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German Chancellor Angela Merkel (R) and France’s President Nicolas Sarkozy. Photo: Reuters

German Chancellor Angela Merkel (R) and France’s President Nicolas Sarkozy. Photo: Reuters

Occupied with domestic squabbles

Occupied with domestic squabbles

The world’s economic woes—the worst since the Great Depression— that have held centre stage for the past few years also witnessed an unprecedented level of international cooperation led by the Group of Twenty (G-20) countries to manage the crises. Today, however, that cooperation appears to be fading and possible responses to the world’s economic troubles are being increasingly hampered by parochial national, regional and international politics.

German Chancellor Angela Merkel (R) and France’s President Nicolas Sarkozy. Photo: Reuters

In all these key countries (with the exception of Germany) the intensity of the political contestation is the consequence of impending elections (Russia, France, the US), leadership transition (China), or fragile coalitions (the UK and India). Worse in countries where the incumbent is trying to retain power through the ballot box, the politics has become rancorous, distinctly populist and increasingly insular. Although neither India nor the UK is facing imminent elections, the incumbents are grappling with the dual challenge of retaining power and preparing for the next elections. In China, the double transition to the new leadership and from the cult of the individual leader to the collective rule of the party is likely to make Beijing more focused on domestic politics rather than global cooperation.

The domestic preoccupation of these crucial countries is largely responsible for the inability of their leaderships to seek cooperative international political consensus to address the various global economic and security challenges. This was evident at the Cannes G-20 summit. Not only did the summit fail to bridge the growing political divide but even its economic focus was narrowly concentrated on the ongoing European crisis rather than the world as a whole.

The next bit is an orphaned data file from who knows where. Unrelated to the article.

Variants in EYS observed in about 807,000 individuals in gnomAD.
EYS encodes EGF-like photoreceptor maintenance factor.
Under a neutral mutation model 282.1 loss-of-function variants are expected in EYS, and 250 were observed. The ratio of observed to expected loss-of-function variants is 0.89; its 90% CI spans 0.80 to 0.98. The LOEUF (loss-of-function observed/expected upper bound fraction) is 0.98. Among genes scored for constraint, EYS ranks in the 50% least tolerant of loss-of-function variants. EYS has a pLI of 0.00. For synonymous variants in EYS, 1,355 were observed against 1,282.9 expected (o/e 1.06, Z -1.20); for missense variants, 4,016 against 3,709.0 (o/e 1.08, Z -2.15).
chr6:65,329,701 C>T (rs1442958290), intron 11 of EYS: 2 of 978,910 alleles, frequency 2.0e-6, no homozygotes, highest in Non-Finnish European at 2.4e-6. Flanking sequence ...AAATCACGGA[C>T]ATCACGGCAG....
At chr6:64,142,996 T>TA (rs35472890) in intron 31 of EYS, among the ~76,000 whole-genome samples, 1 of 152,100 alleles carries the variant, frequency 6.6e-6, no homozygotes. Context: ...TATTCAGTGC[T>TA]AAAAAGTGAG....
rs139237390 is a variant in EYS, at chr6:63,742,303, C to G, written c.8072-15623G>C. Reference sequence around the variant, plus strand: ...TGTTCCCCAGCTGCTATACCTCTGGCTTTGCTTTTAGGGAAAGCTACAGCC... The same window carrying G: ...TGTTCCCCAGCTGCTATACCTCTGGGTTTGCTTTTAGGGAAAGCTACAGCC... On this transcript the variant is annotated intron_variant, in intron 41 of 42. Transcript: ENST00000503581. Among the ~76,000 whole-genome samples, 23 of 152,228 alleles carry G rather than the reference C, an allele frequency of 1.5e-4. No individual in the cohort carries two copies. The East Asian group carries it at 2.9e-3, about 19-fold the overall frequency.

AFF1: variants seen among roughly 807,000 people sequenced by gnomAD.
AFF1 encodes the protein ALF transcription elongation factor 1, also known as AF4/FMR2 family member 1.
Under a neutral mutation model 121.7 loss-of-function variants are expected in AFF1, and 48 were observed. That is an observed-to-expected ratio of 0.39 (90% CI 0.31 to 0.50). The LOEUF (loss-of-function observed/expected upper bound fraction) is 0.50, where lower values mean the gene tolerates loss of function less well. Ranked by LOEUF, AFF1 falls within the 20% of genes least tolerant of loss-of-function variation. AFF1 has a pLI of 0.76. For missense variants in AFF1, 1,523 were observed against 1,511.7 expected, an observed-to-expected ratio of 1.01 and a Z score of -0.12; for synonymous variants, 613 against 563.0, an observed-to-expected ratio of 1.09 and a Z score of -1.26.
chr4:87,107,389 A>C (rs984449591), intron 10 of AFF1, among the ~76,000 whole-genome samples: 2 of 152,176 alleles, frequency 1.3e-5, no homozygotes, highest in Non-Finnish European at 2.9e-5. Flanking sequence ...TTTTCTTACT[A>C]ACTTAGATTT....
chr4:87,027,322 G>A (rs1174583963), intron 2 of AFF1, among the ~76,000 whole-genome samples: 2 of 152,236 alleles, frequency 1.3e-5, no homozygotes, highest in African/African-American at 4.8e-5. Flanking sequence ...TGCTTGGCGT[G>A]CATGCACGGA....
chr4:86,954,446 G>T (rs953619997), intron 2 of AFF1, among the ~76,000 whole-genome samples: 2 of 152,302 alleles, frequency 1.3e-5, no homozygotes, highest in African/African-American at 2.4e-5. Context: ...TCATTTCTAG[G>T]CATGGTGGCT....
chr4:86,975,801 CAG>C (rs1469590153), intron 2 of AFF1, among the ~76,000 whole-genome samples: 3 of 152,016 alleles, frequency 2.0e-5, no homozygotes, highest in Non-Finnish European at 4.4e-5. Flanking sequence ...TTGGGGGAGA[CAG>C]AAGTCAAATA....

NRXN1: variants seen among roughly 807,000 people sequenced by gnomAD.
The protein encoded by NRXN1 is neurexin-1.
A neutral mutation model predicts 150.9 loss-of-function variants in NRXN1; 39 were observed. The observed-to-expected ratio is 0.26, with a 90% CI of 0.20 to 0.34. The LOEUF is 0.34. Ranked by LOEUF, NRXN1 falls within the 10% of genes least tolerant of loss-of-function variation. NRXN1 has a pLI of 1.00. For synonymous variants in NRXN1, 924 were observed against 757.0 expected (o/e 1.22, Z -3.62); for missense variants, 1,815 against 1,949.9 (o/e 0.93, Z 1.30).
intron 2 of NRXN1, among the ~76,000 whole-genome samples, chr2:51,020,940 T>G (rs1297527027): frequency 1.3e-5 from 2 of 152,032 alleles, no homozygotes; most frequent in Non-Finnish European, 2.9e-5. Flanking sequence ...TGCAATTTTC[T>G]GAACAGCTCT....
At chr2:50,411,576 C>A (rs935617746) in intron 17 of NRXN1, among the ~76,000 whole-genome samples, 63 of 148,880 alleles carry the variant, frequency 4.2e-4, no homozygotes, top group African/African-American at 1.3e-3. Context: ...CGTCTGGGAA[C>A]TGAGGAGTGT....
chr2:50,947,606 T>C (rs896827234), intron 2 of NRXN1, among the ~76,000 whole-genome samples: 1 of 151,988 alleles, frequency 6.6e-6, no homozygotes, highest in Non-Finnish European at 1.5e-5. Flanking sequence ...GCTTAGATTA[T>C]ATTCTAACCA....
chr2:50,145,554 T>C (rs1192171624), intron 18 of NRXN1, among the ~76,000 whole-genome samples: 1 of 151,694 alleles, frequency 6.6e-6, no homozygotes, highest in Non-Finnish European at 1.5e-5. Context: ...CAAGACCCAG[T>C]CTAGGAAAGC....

Although the UN Security Council, or UNSC, (where Germany and India are presently elected members) might have been another venue to forge a consensus and provide the much-needed international political leadership, events of 2011, particularly the dust-up over how to manage the Arab transitions, have belied that hope. Indeed, given the increasing inward-looking focus of these key countries, the possibility for any sort of effective cooperation in the UNSC is unlikely through what promises to be a troubling 2012.

Against this backdrop, there are likely to be ad hoc arrangements to build common political understanding and collective action. The recent US-India-Japan meeting, in addition to the existing India-Brazil-South Africa forum, is indicative of this trend. However, none of these can be a substitute for a formal and universally accepted global governance structure like the UNSC, and learning to work together even in an unreformed council would be an essential first step.

In the long run the dominant economic and political actors will have to commit themselves to reforming or creating institutions relevant for the 21st century and consistently working together. Until they get the politics right, the prospects of economic recovery will remain tenuous.

W.P.S. Sidhu is a senior fellow at the Center on International Cooperation, New York University. He writes on strategic affairs every fortnight.

Comments are welcome at otherviews@livemint.com

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